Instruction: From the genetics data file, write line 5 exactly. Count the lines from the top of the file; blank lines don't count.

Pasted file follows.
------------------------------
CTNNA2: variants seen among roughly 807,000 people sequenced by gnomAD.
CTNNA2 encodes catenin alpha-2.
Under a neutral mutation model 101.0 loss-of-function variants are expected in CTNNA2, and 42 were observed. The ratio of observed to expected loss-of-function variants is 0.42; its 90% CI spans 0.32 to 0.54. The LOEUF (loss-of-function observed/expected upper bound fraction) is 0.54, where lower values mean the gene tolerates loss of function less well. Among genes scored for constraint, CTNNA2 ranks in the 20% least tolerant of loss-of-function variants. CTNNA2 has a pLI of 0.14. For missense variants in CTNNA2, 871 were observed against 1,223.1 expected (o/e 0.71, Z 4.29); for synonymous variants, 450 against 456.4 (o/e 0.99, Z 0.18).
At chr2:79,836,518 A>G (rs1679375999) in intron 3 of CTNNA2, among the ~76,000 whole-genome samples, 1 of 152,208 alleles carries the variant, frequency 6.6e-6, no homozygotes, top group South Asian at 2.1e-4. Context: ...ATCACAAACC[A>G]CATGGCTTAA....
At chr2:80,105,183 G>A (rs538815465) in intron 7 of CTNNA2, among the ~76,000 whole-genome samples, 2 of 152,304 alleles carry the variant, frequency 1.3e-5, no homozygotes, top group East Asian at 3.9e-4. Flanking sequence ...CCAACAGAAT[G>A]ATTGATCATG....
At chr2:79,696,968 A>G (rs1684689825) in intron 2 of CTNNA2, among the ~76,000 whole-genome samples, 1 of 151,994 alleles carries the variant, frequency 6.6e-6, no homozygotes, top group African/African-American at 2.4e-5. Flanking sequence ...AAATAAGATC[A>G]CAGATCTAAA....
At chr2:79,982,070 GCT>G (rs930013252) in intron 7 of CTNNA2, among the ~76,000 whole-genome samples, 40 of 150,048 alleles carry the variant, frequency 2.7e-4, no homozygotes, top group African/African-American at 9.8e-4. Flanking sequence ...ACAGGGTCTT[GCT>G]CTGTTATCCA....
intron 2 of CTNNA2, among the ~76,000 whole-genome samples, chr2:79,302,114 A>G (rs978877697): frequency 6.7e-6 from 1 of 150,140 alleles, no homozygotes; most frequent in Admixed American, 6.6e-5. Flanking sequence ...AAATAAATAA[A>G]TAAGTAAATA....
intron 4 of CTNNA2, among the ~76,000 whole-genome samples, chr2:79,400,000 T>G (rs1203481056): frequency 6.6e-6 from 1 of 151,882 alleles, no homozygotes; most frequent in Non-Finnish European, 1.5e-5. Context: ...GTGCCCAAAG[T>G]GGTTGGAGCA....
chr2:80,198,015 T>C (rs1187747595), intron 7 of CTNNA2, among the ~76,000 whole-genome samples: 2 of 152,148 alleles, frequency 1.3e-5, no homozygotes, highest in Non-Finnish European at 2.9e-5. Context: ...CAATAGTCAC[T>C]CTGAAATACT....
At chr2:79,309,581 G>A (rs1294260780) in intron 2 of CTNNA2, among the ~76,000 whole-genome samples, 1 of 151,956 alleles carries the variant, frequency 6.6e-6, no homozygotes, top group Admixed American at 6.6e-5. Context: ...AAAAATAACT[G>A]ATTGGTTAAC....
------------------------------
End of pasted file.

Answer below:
At chr2:80,105,183 G>A (rs538815465) in intron 7 of CTNNA2, among the ~76,000 whole-genome samples, 2 of 152,304 alleles carry the variant, frequency 1.3e-5, no homozygotes, top group East Asian at 3.9e-4. Flanking sequence ...CCAACAGAAT[G>A]ATTGATCATG....